Air Pollution and Allergies: A Connection?

Medical Author: Alan Szeftel, MD, FCCP
Medical Editor: William C. Shiel Jr., MD, FACP, FACR

Does the "air we breathe" have an impact on the rising incidence of allergies and asthma? Hay fever was rare in Japan before World War II. However, pollen allergy is now common and mostly affects those living in Japanese cities and near highways. Allergic disease is also more common in highly developed countries in North America and Europe and less common in Third World countries. This suggests that there must be something about modern, urban life that promotes allergy. Let us examine the impact of air pollution.

By far the most important indoor pollutant is tobacco smoke, which is strongly associated with allergic sensitization, asthma, and other respiratory illnesses. Exposure to smoke results in the body's enhanced ability to produce IgE (the allergy antibody) that attaches to allergens (e.g. pollen, dust mites and dander). The IgE response is a key trigger of allergic reactions. Parental smoking increases the risk of their children having many respiratory illnesses, including bronchitis, chronic cough, and asthma. Smoking during pregnancy and breastfeeding results in a higher risk for the children to develop allergic eczema (atopic dermatitis). The rate of asthma in an infant of a smoking mother is double that of a non-smoking mother. This is very important, since in North America, 25% of mothers smoke during pregnancy and 40% have a smoker in the home.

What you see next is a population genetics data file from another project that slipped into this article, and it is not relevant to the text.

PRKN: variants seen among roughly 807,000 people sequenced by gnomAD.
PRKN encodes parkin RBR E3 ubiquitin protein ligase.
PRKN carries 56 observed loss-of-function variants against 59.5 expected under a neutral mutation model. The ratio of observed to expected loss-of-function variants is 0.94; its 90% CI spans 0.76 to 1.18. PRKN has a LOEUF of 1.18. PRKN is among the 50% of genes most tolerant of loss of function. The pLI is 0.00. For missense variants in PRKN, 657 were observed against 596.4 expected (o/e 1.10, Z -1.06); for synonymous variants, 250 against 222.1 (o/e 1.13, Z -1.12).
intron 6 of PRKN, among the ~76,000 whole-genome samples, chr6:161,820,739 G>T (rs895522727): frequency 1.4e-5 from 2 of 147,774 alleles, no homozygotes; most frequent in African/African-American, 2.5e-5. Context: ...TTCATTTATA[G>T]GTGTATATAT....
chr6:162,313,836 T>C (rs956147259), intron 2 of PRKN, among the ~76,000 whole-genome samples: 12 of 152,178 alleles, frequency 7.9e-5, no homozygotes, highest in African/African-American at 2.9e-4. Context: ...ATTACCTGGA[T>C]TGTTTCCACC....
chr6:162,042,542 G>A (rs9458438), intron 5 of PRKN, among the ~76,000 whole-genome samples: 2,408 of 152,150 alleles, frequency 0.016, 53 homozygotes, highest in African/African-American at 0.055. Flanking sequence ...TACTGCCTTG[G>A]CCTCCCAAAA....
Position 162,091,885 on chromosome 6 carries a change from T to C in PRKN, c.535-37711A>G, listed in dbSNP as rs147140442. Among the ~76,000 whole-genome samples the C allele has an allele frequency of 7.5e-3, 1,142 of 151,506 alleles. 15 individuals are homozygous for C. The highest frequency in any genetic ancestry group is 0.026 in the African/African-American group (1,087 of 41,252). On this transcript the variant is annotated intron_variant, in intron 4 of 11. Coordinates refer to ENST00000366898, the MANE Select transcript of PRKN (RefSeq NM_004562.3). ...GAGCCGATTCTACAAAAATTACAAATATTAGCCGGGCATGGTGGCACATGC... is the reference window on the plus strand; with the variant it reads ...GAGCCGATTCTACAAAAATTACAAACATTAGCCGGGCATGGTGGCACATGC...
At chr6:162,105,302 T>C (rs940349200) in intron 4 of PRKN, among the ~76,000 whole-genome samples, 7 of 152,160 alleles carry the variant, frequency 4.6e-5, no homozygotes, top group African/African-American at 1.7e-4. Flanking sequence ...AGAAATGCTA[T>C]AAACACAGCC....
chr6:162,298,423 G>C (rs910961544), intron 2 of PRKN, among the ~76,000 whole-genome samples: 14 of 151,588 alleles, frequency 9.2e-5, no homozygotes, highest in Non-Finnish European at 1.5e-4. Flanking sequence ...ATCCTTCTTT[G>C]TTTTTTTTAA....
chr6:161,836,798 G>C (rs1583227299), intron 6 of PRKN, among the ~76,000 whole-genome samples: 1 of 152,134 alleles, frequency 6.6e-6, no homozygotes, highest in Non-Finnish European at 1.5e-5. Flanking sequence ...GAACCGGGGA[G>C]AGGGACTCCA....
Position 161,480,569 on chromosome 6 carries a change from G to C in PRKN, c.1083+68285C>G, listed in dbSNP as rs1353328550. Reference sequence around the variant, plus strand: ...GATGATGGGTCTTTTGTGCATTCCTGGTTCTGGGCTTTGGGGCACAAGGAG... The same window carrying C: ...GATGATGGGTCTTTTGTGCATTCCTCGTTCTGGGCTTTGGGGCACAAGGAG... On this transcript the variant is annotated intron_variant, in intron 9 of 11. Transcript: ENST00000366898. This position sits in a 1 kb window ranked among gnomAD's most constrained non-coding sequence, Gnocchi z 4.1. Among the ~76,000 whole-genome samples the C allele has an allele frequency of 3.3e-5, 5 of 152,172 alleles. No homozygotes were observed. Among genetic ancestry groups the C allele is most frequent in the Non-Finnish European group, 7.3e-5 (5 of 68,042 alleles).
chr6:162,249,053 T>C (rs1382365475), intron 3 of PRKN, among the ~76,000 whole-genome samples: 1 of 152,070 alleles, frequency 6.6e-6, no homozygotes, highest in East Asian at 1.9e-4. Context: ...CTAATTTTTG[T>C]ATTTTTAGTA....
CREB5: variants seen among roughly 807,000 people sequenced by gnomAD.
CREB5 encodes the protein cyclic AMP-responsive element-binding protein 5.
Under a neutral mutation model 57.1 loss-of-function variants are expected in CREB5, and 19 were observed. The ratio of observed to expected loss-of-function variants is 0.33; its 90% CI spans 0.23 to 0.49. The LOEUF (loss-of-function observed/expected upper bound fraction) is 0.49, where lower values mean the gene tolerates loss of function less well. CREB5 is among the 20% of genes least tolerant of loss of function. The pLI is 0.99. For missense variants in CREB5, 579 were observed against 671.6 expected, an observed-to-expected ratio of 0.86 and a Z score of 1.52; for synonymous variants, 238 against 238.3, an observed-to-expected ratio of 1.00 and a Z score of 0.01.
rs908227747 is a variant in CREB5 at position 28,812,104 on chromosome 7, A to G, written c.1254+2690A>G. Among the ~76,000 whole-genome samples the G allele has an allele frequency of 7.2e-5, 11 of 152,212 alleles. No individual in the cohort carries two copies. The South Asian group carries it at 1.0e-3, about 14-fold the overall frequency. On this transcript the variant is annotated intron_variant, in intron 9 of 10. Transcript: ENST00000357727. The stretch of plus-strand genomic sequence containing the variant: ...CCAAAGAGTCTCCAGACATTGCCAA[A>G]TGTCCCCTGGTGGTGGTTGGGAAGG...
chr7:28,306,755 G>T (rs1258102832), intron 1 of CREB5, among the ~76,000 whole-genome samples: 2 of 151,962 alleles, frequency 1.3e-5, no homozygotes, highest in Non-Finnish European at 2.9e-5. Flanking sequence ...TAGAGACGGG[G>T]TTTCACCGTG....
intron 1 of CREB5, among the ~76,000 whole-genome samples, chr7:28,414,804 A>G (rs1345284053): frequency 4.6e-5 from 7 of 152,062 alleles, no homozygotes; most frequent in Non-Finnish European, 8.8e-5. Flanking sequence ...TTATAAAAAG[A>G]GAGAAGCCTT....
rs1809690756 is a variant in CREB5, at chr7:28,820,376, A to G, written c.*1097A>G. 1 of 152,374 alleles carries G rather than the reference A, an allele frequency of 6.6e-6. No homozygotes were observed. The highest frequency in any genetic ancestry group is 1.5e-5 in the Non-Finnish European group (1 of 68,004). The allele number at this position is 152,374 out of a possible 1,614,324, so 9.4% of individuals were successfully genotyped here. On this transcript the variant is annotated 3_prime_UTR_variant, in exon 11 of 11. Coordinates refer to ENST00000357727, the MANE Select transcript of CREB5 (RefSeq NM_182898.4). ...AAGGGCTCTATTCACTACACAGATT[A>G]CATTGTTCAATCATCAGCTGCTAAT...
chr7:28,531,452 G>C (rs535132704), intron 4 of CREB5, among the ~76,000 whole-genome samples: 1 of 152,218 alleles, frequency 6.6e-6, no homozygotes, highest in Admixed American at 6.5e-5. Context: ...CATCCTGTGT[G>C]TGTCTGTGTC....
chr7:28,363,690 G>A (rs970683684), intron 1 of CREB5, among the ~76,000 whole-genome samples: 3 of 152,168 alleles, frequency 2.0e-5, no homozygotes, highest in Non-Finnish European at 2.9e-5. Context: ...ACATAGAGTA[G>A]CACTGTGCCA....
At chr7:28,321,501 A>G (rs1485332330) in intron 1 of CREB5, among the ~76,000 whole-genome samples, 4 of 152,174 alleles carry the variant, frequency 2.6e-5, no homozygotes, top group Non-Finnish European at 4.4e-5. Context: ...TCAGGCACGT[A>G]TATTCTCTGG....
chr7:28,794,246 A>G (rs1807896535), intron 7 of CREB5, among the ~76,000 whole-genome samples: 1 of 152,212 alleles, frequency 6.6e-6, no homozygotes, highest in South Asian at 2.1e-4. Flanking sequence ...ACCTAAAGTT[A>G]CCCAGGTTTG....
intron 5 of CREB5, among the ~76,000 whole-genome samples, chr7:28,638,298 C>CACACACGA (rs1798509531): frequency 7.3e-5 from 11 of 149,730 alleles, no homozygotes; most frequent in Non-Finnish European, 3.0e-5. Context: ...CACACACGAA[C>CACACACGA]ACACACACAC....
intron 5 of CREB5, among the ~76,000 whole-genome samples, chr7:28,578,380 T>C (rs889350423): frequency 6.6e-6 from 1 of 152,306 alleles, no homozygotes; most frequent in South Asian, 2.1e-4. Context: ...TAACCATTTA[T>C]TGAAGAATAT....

The increased rates of allergy and asthma in city environments and in those living close to highways has drawn attention to the role of outdoor pollution. Common air pollutants, such as ozone, sulfur dioxide, and nitrogen dioxide probably act more as irritants than as promoters of sensitization. These pollutants have been shown to be hazardous to adults and children with asthma. Recent studies suggest that prematurely born children are more sensitive to the respiratory effects of outdoor pollution. There may also be an association with diesel exhaust particles and the worldwide increase in respiratory allergies. Diesel exhaust has been shown to enhance the ability to make the allergy antibody, IgE, in response to exposure to allergens.

What is the bottom line? Tobacco smoke is by far the worst and most important air pollutant and it clearly promotes both allergy and asthma. Diesel fumes likely promote allergy, whereas other outdoor air pollutants act more as irritants that can aggravate allergies and asthma, rather than as true promoters of allergy or asthma.

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